(shared with the people of Friendship Church, April 25, 2004)
A man woke up one morning with a feeling. He just knew that something special was going to happen that day. He looked at his clock and it had stopped at 3:00. He went downstairs and glanced out his kitchen window to look at the thermometer and found that the outside temperature was 33 degrees. He grabbed the morning paper and it was dated March 3, the third day of the third month. On a hunch, he turned to the third page of the third section of the paper and just as he thought, it was the racing news. In the third race, one of the horses was called Trio. The guy ran to the bank, withdrew his life-savings, and bet it all on Trio to win that race. He shouldn’t have been surprised by the outcome, but he was. Trio came in third.
I’ve seen people look for all sorts of signs—whether from God or elsewhere—for how to live their lives, be successful, avoid calamity, find a job, find a mate. But just as often as not, we seem to avoid clear guidance that’s staring us right in the face. Recently, I’ve been undergoing physical therapy with a neck problem. I go three times a week. For several weeks now, the physical therapist has given me the same basic instructions: four times a day, I’m to lie down on my back and get the weight of my head off of my neck; throughout the day, I’m to gently do retractions with my neck to help realign things. What’s amazing to me is that even though the physical therapist's instructions are clear and simple and redundant, I find ways to forget them or muff them, all the time.
This past week, things improved so markedly that I went into overdrive. I’m a man and as a man, I sometimes use “man logic.” If a few retractions, helped a little, a lot of retractions, would help a lot! I figured that by exercising aggressively, I would get over the hump and back in the gym to lose my flab. Instead, I set myself back, causing me headaches. So, during my visits this past week, with a smile, the physical therapist reminded me again of my simple instructions. I wondered if she was gritting her teeth as though she were teaching a frustratingly thick-headed student: “Four times a day, lie on your back and after the inflammation you’ve caused your neck and head muscles dies down, gently do retractions with your neck to realign things.” I think I get it now. We’ll see.
Our Bible lesson for this morning is the epilogue of John the Evangelist’s telling of the life, death, and resurrection of Jesus. In it, we find that Jesus is forced—like my physical therapist—to review some things with seven of His disciples that He’s shared with them many times before. This is critical though, because He has gone through His cross and His resurrection. Soon, He will no longer be physically present with them. Through Jesus’ encounter with the disciples in today’s lesson, He shows that neither they—or we—need any signs to tell us what our lives should be about on this side of Easter morning. We already know what to do. And it’s crystal clear!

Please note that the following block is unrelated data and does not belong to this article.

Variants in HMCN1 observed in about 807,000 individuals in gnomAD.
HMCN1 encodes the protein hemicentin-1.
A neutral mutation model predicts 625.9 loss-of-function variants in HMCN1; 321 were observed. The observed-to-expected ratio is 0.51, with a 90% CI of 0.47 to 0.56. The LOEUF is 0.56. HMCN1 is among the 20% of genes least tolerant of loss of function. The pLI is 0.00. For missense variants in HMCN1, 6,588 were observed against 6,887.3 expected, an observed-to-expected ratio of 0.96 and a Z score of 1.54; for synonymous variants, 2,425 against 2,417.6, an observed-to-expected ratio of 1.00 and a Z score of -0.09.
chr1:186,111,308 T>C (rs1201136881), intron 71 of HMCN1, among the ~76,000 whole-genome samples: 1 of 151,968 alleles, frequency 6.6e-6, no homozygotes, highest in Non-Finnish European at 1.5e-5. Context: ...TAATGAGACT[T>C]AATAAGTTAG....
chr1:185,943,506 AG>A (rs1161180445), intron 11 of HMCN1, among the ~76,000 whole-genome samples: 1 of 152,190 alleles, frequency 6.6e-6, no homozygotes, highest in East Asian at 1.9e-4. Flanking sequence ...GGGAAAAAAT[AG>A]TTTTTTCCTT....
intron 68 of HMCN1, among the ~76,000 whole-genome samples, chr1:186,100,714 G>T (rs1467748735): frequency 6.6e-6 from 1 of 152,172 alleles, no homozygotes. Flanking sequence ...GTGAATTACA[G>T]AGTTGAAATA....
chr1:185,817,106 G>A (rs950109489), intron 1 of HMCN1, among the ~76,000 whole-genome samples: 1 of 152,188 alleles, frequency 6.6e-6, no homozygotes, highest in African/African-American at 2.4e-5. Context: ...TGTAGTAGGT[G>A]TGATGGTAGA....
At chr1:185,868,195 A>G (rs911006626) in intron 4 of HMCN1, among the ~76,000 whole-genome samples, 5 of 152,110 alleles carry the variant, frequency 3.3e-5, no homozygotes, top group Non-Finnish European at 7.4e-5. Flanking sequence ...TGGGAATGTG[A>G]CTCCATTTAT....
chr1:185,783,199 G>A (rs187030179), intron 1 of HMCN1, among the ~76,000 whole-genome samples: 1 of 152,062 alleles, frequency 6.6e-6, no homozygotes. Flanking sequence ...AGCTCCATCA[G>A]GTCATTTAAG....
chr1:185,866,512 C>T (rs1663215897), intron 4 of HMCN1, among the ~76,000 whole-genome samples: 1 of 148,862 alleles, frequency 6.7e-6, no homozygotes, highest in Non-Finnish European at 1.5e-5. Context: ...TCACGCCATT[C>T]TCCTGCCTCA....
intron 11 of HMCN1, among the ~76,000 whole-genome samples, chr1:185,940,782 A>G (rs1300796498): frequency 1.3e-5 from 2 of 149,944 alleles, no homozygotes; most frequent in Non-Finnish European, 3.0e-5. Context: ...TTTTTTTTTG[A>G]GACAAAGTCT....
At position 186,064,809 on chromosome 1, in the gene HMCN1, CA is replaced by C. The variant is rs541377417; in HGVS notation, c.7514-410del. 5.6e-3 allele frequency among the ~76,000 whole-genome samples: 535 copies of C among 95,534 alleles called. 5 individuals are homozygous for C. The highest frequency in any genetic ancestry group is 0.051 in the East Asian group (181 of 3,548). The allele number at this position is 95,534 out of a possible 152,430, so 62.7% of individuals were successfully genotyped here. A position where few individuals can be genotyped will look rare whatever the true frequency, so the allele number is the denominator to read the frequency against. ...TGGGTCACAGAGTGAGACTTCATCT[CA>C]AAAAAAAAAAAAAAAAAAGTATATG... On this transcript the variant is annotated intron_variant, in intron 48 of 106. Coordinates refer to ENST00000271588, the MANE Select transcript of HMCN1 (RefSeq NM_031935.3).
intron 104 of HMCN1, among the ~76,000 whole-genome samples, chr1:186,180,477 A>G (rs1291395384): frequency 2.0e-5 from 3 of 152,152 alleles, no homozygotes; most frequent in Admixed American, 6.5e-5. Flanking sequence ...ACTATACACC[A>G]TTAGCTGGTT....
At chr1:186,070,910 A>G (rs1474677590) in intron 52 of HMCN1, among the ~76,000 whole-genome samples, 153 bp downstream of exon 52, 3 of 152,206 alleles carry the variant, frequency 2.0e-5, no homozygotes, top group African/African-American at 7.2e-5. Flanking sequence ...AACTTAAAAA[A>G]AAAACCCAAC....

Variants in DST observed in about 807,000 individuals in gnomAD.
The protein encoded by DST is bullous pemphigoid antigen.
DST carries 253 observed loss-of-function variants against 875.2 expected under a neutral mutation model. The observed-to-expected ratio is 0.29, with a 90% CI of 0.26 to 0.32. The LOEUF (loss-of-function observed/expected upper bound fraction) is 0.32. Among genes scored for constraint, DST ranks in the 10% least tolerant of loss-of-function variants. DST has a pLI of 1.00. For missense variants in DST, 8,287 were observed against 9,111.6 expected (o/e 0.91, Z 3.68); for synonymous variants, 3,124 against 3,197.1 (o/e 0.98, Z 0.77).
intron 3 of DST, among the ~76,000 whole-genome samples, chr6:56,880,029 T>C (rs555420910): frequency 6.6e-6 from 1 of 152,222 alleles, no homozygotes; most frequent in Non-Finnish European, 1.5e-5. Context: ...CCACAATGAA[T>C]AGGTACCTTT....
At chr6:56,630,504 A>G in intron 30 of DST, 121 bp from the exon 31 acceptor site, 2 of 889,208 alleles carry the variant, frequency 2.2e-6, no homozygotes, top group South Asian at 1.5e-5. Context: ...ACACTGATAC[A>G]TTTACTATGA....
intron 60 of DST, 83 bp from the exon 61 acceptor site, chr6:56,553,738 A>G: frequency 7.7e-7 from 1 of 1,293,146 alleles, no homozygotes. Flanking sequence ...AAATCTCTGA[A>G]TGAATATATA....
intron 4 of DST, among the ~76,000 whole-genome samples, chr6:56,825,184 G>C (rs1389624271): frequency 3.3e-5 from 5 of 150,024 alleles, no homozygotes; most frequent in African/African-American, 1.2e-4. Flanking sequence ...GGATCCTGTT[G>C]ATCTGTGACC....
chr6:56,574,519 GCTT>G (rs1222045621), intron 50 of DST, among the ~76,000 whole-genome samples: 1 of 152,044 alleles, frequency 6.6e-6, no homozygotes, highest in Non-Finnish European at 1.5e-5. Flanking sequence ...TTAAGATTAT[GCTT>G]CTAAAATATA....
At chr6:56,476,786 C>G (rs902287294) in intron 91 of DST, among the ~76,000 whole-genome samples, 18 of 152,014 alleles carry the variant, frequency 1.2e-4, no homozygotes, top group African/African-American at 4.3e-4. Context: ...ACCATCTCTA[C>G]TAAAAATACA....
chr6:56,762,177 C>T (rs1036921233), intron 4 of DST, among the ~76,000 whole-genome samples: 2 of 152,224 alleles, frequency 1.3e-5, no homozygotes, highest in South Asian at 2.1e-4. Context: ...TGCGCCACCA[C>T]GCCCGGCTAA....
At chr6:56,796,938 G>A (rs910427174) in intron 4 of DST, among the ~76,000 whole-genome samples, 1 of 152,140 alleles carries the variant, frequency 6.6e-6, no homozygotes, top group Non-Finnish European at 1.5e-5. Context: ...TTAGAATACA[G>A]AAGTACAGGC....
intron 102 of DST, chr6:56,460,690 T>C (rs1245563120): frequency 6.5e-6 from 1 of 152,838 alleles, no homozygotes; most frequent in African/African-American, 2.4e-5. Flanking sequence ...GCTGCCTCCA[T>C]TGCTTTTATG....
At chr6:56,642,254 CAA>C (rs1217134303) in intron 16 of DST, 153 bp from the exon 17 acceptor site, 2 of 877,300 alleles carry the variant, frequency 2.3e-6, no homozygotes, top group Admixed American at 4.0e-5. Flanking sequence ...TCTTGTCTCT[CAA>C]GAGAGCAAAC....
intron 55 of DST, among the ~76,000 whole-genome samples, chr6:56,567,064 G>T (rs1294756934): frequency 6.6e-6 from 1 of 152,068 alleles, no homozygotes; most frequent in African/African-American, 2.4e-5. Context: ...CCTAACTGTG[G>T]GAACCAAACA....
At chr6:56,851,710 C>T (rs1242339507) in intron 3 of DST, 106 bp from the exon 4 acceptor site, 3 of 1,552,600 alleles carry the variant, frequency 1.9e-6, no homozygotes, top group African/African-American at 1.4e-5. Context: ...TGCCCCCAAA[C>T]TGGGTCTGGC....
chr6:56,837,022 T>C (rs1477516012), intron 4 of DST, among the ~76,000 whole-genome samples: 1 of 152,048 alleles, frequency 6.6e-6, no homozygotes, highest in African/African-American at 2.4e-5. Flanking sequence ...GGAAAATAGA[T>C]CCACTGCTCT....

The lesson begins very strangely. It’s just days after Jesus had risen from the dead. Easter is the most exciting thing that has ever happened in human history and the disciples had been given ringside seats! That in itself should have clued the disciples to the fact that their lives were to be different than they had been before.
Besides all of that, over the preceding few years, Jesus had spent hours and hours with these men. He had made clear that He was God, that He had come to die and rise so that sinners like them—and us—could be forgiven, have new lives, and live with God forever. Jesus had already told them that they would be going out into the world to tell others about Jesus so that they too, could turn from sin, entrust themselves to Jesus’ leadership, and live forever with God. Jesus had even told those who were engaged in the fishing profession that their fishing days were over. Instead, they would be fishing for people, gently calling them back to the God Who made them, loves them, and wants to live with them forever.
So, what exciting plans and great risks are the disciples preparing to make as our lesson begins? What kindness outreaches are they going to do? What sorts of bold prayers are they bringing to God, asking Him to help them share Jesus with their neighbors? They weren’t doing any of that!